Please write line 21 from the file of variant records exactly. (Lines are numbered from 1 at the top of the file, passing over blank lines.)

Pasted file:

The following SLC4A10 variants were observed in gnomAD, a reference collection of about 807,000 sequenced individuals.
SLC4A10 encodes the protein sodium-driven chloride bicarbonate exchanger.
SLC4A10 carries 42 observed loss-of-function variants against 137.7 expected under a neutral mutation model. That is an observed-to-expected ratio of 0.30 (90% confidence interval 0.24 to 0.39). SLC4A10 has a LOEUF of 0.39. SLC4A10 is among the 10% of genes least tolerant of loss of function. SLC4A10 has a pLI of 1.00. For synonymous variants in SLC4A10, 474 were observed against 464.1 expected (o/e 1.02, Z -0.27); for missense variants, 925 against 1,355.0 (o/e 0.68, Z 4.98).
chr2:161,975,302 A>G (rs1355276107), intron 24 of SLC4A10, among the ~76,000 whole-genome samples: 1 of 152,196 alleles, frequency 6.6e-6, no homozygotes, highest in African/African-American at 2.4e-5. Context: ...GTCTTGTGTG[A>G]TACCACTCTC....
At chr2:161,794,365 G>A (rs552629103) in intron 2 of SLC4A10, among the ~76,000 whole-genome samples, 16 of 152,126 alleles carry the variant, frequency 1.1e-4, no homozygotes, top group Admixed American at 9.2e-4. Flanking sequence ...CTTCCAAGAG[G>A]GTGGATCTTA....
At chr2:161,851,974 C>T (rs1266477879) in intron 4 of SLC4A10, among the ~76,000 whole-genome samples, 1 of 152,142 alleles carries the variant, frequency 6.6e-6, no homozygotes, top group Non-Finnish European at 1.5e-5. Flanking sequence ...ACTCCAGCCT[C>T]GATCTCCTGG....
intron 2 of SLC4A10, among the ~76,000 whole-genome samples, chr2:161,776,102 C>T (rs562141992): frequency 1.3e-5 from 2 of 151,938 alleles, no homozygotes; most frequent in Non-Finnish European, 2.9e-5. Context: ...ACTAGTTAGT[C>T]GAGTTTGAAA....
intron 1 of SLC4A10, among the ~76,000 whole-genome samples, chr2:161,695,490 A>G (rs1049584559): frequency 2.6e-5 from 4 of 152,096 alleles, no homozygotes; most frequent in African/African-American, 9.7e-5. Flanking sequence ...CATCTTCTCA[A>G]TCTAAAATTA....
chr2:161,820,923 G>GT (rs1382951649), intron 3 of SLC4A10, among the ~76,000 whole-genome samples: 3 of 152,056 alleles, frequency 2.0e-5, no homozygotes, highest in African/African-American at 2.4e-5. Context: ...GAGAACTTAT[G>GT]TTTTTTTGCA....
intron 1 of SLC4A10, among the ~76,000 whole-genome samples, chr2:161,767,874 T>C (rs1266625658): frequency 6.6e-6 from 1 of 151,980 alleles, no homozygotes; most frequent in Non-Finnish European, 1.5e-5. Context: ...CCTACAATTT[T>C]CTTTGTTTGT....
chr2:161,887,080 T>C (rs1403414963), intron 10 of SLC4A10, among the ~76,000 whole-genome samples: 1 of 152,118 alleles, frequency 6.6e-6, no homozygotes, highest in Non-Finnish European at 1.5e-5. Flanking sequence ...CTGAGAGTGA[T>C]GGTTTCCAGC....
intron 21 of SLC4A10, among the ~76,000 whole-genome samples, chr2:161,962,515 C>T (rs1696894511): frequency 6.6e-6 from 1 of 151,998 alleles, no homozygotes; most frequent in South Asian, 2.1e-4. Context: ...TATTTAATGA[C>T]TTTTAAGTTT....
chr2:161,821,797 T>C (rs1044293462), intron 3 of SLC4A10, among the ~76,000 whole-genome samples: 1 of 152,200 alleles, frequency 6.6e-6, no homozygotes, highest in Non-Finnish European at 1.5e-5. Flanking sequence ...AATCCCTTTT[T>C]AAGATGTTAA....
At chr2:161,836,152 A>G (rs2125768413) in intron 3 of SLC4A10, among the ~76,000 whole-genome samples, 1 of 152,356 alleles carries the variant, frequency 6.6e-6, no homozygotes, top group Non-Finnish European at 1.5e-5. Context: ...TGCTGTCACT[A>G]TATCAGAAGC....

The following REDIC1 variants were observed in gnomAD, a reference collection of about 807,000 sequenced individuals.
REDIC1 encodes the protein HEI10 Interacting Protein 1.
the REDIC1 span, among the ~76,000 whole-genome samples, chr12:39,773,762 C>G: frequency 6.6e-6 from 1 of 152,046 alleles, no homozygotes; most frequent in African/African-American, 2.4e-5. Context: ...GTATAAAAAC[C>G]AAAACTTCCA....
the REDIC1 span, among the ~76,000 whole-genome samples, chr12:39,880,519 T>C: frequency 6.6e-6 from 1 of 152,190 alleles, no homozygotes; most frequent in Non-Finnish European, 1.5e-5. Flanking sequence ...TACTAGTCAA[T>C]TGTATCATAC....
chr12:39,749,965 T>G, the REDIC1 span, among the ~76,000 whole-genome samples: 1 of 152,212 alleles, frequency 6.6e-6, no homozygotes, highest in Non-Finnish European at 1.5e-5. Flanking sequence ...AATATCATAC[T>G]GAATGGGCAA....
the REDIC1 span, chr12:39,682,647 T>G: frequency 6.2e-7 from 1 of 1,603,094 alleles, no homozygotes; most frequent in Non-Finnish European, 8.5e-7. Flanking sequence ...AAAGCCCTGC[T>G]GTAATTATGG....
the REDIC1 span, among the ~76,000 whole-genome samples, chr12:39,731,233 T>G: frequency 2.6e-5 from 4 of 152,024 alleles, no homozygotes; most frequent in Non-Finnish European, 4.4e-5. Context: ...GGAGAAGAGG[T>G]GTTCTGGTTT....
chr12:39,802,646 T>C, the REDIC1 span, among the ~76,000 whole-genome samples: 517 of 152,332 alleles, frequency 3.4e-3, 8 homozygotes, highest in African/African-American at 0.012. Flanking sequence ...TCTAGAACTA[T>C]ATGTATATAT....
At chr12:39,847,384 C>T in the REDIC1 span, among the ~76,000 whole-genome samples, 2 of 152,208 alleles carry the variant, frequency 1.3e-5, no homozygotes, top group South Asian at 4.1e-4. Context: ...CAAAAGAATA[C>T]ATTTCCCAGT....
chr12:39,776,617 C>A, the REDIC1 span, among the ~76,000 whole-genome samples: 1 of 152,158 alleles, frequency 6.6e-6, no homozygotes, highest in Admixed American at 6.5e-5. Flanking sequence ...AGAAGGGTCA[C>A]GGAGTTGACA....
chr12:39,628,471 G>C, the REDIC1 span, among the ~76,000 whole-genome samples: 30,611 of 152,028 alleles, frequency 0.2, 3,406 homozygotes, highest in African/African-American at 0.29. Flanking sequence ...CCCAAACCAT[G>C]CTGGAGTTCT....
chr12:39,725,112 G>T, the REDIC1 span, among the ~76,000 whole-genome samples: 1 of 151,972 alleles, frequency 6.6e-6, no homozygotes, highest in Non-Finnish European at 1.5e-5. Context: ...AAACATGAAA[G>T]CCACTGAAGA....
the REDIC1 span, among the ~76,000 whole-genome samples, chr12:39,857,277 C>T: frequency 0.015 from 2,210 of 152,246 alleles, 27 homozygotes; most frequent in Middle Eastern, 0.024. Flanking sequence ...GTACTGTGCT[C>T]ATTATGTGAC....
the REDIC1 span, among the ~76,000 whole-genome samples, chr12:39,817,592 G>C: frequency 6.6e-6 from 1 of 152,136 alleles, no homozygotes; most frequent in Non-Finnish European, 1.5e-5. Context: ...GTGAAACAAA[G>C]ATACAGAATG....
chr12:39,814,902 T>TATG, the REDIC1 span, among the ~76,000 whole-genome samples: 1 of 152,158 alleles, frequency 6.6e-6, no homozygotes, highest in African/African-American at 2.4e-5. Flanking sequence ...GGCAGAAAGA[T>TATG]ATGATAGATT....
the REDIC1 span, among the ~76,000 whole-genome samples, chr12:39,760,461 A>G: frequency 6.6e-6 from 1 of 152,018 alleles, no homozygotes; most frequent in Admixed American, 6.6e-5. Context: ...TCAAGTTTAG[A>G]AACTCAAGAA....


the REDIC1 span, among the ~76,000 whole-genome samples, chr12:39,731,233 T>G: frequency 2.6e-5 from 4 of 152,024 alleles, no homozygotes; most frequent in Non-Finnish European, 4.4e-5. Context: ...GGAGAAGAGG[T>G]GTTCTGGTTT....